What Is the Function of Pepsin in Digestion?

Cooked steak on table cutting board
Cooked steak on table cutting board (Image: nvelichko/iStock/Getty Images)

You cut into a juicy pork chop, swallow each bite and don't give the meal a second thought. You may forget the meat once it slips down your throat, but your stomach is hard at work digesting the hunk of protein. An enzyme called pepsin, found in the gastric juices, plays an essential role in breaking down proteins found in meat, eggs, dairy and other foods.

The Enzyme for a Steak Dinner

Glands in the lining of your stomach produce and store an inactive form of pepsin called pepsinogen. Hormones gastrin and secretin and nervous impulses from the vagus nerve trigger the release of pepsinogen into the stomach. Pepsinogen reacts with stomach acid, or hydrochloric acid, and becomes the active enzyme -- pepsin. Pepsin partially digests proteins into smaller units called peptides. It works best at a highly acidic pH between 1.5 and 2.5.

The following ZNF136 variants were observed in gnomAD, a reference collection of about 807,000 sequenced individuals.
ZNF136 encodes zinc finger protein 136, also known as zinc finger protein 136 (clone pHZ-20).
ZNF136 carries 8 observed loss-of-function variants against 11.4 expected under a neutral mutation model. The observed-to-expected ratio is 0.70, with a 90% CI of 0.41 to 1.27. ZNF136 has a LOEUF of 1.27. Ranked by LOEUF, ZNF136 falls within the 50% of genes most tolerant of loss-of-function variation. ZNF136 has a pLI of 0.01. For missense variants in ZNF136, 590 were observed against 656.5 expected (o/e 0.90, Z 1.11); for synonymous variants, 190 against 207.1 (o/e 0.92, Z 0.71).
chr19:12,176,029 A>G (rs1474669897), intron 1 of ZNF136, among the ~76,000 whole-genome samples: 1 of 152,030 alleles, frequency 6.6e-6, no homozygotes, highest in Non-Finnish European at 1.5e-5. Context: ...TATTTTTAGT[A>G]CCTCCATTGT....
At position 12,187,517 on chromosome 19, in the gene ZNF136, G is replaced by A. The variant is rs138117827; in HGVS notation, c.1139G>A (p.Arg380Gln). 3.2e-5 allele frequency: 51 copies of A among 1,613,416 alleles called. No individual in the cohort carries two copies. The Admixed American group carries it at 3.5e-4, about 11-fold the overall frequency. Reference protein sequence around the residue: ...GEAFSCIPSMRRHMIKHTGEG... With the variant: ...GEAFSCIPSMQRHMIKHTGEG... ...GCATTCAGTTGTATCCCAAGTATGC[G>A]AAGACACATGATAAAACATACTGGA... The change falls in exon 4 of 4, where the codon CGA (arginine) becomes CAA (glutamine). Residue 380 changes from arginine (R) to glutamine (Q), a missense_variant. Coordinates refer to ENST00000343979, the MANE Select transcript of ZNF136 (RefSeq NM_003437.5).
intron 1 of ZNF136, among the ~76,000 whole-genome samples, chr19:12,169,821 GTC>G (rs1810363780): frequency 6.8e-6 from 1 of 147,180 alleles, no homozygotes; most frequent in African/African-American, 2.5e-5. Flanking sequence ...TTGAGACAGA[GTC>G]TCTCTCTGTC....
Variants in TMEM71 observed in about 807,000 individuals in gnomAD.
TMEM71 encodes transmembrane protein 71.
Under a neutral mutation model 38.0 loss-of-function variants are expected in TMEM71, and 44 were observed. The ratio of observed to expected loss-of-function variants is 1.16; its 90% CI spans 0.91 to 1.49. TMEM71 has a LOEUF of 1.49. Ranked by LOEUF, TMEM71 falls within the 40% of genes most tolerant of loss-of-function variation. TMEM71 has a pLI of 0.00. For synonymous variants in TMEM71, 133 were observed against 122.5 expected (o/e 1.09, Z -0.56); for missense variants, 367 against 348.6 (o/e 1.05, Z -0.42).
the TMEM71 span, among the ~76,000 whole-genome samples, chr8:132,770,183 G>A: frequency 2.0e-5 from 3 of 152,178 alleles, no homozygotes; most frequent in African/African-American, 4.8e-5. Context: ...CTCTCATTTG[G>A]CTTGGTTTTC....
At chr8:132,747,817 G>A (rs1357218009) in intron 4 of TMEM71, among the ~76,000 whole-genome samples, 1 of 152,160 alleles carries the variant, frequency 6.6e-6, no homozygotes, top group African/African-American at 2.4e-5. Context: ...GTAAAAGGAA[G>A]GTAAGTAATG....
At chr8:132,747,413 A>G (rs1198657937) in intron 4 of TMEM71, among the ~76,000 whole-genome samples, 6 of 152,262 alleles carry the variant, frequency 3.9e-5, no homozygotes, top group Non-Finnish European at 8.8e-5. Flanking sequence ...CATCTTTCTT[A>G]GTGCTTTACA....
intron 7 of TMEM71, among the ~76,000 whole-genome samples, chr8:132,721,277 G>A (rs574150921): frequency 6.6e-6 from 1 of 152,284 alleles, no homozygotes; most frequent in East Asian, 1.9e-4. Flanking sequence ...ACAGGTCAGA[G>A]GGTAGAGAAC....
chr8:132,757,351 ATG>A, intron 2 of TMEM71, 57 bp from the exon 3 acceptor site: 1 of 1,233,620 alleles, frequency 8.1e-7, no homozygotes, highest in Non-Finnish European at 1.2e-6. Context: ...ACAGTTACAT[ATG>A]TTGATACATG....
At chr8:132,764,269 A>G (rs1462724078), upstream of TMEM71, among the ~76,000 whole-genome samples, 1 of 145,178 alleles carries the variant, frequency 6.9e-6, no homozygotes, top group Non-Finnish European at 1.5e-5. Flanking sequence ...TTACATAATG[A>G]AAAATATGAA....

Vitamin B-12 and Iron

Dietary vitamin B-12 is bound to a protein. In order for the vitamin to be absorbed, the protein must be stripped away. Gastric juices and pepsin are part of the cleavage process. Pepsin also cleaves nonheme iron -- which is found in plant foods such as cereals, fruits and vegetables -- from a protein to facilitate absorption.

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